Night School by Lee Child


  “What does he do in the bar?”

  “Nothing much.”

  “Is he army?”

  “Last time I saw him he had no hat and his hair was too long.”

  “When was that?”

  “About two weeks ago.”

  “What was he doing two weeks ago?”

  “He was at a table near a window drinking beer by himself.”

  —

  At that moment the American was waiting to get on a city bus, to head into town. He had things to do. Last-minute errands to run, and a shopping list. Hamburg was a passenger port, with ferries and cruise ships in and out, so travel supplies were not hard to find. And suitable clothes, for a long journey. All cash purchases, all from different places. A strict timetable, but necessary. The clock was ticking.

  The bus arrived, and the American got on.

  —

  Reacher hauled the guy up off the coffee shop floor and pushed him out to the sidewalk. Neagley took his partner. They checked Neagley’s map and headed down to a pocket park. The guy Neagley had hit limped and shuffled. His nose was broken, from her second knee. It didn’t make him any prettier. Or uglier.

  They made it to the park and took two benches. Neagley and the dumb guy sat on one, and Reacher and the casualty sat on the other. They waited. The dumb guy kept very still. He seemed scared of Neagley. Maybe not so dumb. The damaged guy got slowly better. Reacher sensed him getting restless. Sensed him glancing around, calculating the angles, weighing up his chances. At one point a city bus roared slowly past, close and huge and loud, full of passengers heading into town, and Reacher sensed the guy stir, as if the noise and commotion presented an opportunity, so he put his hand on the back of the guy’s neck, like a friendly gesture, and he squeezed, and the guy yelped silently, and then the bus was gone.

  They waited. The afternoon grew late. Then a blue car drew up at the curb. A big Opel sedan. A General Motors product. At the wheel was a guy in army battledress uniform. Beside him was another. Behind both of them was a floor-to-ceiling plastic screen. A cop car.

  The passenger got out. Short, wide, and dark. Manuel Orozco. Late of the 110th. You don’t mess with the special investigators. His phrase. A good friend. He said, “I thought you were buried in a school somewhere.”

  Reacher said, “Is that what you heard?”

  “Everyone was talking about it, man. Like you died.”

  “The NSC got us for a secret thing. We’re shaking a tree. A whole lot of extra crap is falling out. You’re going to have to clean it up for us. Without mentioning our involvement. You can claim them as your own, if you like. Get another medal. Start with these two. They’re selling scrap M9s to skinheads in a bar.”

  “I won’t get a medal for that.”

  “It’s really about the bar. Could be the tip of an iceberg.”

  “What happened to his nose?”

  “Neagley.”

  “Outstanding.”

  “We need background on the bar. Apparently all kinds of deals go down there. Write it up as a separate report, OK? And then feel free to go fishing. But not until we say. There’s one particular guy we’re looking at, and we don’t want to scare him away. Assuming he plans to come back anyway. Which he probably won’t.”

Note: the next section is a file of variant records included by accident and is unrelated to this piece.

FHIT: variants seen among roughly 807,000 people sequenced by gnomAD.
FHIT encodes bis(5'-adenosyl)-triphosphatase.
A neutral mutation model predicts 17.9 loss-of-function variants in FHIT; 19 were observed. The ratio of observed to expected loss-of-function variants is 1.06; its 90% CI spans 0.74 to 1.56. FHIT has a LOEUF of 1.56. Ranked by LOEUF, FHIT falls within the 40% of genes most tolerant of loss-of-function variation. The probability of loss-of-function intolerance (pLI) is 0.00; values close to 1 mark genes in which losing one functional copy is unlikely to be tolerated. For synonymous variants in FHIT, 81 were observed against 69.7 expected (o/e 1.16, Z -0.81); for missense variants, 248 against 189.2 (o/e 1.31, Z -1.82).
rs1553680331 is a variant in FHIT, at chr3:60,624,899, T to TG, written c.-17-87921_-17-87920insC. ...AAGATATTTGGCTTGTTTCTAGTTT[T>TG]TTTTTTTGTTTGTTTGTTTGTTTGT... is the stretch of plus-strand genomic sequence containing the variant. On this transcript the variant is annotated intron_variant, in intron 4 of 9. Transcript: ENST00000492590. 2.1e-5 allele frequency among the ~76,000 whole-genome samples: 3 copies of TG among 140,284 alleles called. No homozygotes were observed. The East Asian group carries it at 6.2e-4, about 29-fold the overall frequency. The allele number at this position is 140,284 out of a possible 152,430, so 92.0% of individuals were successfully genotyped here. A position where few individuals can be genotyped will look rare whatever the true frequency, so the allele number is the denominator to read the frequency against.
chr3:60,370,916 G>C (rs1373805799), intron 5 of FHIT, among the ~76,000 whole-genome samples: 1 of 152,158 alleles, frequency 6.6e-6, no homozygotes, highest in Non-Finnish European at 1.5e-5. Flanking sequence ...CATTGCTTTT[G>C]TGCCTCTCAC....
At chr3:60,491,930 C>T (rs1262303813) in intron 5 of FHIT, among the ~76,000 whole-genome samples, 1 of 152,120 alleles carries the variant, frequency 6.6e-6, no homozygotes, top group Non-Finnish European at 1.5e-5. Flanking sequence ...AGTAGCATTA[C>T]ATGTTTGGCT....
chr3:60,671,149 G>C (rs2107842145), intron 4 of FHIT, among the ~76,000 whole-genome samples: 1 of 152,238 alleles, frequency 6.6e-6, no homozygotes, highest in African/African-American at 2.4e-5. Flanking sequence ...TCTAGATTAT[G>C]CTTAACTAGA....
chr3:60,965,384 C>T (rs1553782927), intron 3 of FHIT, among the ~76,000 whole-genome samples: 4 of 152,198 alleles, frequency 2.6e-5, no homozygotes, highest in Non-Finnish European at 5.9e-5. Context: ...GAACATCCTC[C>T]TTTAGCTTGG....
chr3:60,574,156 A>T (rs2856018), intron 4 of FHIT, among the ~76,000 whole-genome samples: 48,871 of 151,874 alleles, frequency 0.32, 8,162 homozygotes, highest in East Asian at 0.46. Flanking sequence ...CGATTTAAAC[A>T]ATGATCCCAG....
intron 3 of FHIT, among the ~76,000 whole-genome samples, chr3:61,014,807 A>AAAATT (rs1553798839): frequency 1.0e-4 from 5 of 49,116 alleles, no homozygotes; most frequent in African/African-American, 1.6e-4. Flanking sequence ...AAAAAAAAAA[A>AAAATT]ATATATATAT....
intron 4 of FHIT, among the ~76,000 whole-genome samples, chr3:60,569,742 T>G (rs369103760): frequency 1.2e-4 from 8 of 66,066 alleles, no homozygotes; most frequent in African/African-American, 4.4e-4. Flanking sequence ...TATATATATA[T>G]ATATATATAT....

Orozco said, “You got it, boss.”

  “I’m not your boss anymore.”

  “I’m sure you’re still the boss of something.”

  Orozco put the two guys in the back of the car, behind the plastic screen, and he climbed in next to his driver, and Reacher and Neagley waved them away. Then they walked back to their boutique hotel, where the clerk confirmed the consulate had indeed come through, and as a result they now had two upgraded rooms side by side on the top floor. They went to Neagley’s first, where they dialed McLean, Virginia, to check in with Sinclair.

  —

  At that moment the fingerprint technician in the police garage was on the phone with Chief of Detectives Griezman. He said he had taken an excellent print off the back of the chrome lever. Clear as a bell. By shape, to his practiced eye, it was a right-hand middle finger, and it was average size for a man, or large for a woman. It showed no hits in any of the federal databases. Therefore the perpetrator was almost certainly not German.

  —

  The upgraded rooms had fancy console telephones, and Neagley put hers on speaker and sat on the bed. Reacher sat in a chair. In McLean the phone was also on speaker. Reacher heard the spacey echo, and then he heard Sinclair say hello, and then Waterman, and then White. He guessed they were all in the office, at the conference table, in the leather chairs.

  Sinclair said, “Are you getting anywhere?”

  She sounded tired.

  Reacher said, “The German witness was a man named Klopp, and we got a good description and a good sketch. Which was faxed to you. Klopp says he’s seen the guy twice. Since then we have another witness who has seen the guy three times. All in the same bar. Which seems to be partly a right-wing political hangout and partly an underground marketplace. All kinds of deals, apparently.”

  “Will that be the location of the second rendezvous?”

  “The odds say no. They could choose anywhere from Scandinavia to North Africa.”

  White spoke up and said, “We’re cross-checking lists in several different lateral ways. State has put some big computers on it. We’re watching about four hundred American names. Which is way too many to be useful. Their recent travel destinations include about forty countries. Which is also too many to be useful.”